Published on: 15 June 2020
The UK Government has set out further details of future border controls. These controls are designed for EU goods which are imported into Britain at the end of the Transition Period.
The announcement coincided with a communication from the UK to the EU at the end of last week. This notified the EU that the UK Government would not accept or seek an extension to the Transition Period.
The new border arrangements will be introduced at the end of the Transition Period in three stages. This is to give businesses affected by COVID-19 more time to prepare for the new measures.
British Marine understands the checks will be introduced as follows:
From January 2021: Traders importing standard goods, covering everything from clothes to electronics, will need to prepare for basic customs requirements, such as keeping sufficient records of imported goods, and will have up to six months to complete customs declarations. While tariffs will need to be paid on all imports, payments can be deferred until the customs declaration has been made. Businesses will also need to consider how they account for VAT on imported goods. There will be physical checks at the point of destination or other approved premises on all high risk live animals and plants.
From April 2021: Products of animal origin and all regulated plants and plant products will also require pre-notification and the relevant health documentation.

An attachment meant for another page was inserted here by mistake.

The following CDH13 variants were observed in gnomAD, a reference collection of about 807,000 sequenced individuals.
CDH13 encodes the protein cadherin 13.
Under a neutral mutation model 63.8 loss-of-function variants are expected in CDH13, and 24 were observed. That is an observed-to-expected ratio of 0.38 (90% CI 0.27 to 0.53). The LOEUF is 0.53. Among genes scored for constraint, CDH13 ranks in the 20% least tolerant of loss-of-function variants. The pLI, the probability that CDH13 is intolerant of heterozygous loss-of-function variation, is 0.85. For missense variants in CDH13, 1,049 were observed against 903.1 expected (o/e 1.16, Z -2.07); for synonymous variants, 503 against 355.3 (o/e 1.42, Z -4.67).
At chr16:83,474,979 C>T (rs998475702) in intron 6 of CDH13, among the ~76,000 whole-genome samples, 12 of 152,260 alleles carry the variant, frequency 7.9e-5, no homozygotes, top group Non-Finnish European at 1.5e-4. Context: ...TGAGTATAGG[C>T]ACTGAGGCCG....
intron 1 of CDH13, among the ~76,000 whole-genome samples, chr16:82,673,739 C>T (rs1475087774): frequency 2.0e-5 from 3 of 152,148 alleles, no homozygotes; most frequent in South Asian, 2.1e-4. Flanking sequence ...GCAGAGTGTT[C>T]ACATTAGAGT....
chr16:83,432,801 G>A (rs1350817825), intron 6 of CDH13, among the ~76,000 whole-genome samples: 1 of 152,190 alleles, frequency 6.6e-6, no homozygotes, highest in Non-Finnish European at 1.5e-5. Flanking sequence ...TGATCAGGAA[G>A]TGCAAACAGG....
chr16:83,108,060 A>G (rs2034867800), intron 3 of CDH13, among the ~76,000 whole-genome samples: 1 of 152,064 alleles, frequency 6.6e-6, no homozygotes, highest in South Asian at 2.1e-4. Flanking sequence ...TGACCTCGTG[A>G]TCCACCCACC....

From July 2021: Traders moving all goods will have to make declarations at the point of importation and pay relevant tariffs. Full Safety and Security declarations will be required, while for Sanitary and Phytosanitary (SPS) commodities there will be an increase in physical checks and the taking of samples: checks for animals, plants and their products will now take place at British Border Control Posts.
British Marine also understands that the UK Government will, alongside these new controls, invest in more border facilities and technology. It has also confirmed a new £50 million support package to boost the capacity of the customs intermediary sector – including customs brokers, freight forwarders and express parcel operators which is designed to assist businesses moving forward.
Further rounds of negotiations are due to take place at the end of June and in July.
More information on the incoming checks can be found here.
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